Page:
I hate Nottingham because there’s always so much going on it makes it impossible for me to leave and get that dream house overlooking the Yorkshire Dales that my heart claims I desire. This Saturday sees the Waterfront Festival bring a host of musicians to bars down by the canal as well as the beginning of the Sneinton Festival. There’s also a massive sandpit being erected in Market Square so that Dad’s can get pissed and pretend they’re in Skeggy while teenagers make phallic shaped sand sculptures in the rain.
At 12 noon I’ll be offering my contribution towards distractions from shopping in the form of a mass flashmob to celebrate reading. This is partly to promote Dawn of the Unread, an interactive graphic novel that brings back to life 12 writers from Nottingham’s past, and partly to show a bit of appreciation to the many authors, bookshops, libraries and publishers who have brought us joy over the years through the written word.
Reading is often a solitary process and usually takes place alone on a bus, in a bath, behind a desk at work when the boss is out the office having an important meeting. But for five minutes I want people to be alone together, reading in one designated place: Old Market Square.
Inspiration for this can probably go to Martina Conti’s choreography A Reading Sculpture, which celebrated the interaction between the human body and the book. She created this as part of WEYA in 2012 and is still the best artistic performance I’ve ever seen. A group of readers simply got out their books and then moved around a given space, reading in various positions. A Kama Sutra for book lovers if you like.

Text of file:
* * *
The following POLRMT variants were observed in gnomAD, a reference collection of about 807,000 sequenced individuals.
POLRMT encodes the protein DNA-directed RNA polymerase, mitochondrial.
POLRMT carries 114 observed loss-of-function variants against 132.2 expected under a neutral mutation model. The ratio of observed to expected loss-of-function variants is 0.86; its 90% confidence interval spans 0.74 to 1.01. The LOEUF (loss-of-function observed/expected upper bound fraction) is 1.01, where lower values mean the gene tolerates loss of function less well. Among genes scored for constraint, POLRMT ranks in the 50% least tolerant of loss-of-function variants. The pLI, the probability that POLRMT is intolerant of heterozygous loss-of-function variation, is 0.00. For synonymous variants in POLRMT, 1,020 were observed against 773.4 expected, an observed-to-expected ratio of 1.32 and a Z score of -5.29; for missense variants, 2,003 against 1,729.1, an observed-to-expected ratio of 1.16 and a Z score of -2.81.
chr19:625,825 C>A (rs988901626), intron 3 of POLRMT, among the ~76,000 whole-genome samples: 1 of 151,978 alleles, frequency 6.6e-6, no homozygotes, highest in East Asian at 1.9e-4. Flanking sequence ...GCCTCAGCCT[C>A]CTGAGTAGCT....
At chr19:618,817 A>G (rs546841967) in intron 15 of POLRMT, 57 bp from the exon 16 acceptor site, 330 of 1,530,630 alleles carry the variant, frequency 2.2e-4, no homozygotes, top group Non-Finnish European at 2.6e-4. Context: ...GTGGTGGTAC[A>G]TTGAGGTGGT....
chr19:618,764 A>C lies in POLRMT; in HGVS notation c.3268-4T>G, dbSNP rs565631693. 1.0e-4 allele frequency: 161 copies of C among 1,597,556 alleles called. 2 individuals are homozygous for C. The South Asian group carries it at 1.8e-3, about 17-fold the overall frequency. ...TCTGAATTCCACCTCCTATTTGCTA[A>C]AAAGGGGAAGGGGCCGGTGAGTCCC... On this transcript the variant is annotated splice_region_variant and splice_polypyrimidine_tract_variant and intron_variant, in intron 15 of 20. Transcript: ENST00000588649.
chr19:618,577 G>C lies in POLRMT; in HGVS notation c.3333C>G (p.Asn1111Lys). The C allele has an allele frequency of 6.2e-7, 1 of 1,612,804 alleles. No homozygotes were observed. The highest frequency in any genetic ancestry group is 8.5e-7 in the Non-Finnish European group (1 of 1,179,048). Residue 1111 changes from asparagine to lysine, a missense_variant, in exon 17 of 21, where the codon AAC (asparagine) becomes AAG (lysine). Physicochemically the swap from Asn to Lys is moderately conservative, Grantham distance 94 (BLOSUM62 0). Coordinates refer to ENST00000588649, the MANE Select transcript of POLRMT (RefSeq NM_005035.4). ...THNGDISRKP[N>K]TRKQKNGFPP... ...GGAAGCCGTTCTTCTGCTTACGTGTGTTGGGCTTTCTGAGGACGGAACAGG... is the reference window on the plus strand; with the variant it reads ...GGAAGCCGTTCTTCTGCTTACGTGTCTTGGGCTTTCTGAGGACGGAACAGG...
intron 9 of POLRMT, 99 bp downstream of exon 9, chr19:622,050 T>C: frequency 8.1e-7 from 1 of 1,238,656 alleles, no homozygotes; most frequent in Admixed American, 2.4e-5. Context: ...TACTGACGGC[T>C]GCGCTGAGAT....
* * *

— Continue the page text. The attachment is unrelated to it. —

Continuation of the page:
The flashmob is a joint collaboration between Dawn of the Unread, John Mateur and Robert Squirrell. We don’t want anyone to do anything contrived. Simply to turn up with a book, sit down on the first strike of 12 and then start reading. We’ve contacted all demographics from Mumsnet to asylum seekers to students and asked them to bring along a favourite or current book. My hope is to turn reading into a visual act, a kind of physical sculpture which hopefully will remind those who need to be reminded of the importance of stories in our lives.
We will also be yarnbombing the Cloughie statue to celebrate the launch of ‘Booked’ the fifth comic in the Dawn of the Unread series. This is written by poet Andy Croft and illustrated by artist Kate Ashwin and tells the tale of a monstrous but charmismatic hybrid called Byron Clough,
Please join us. Bring your Beano, Fifty Shades, or dirty Italian phrases handbook for that imminent summer holiday. We don’t care what it is as long as you’re reading.
And if you miss the event you can catch me on NottsTV on Monday, around 6.30ish, waffling on about the beauty of books.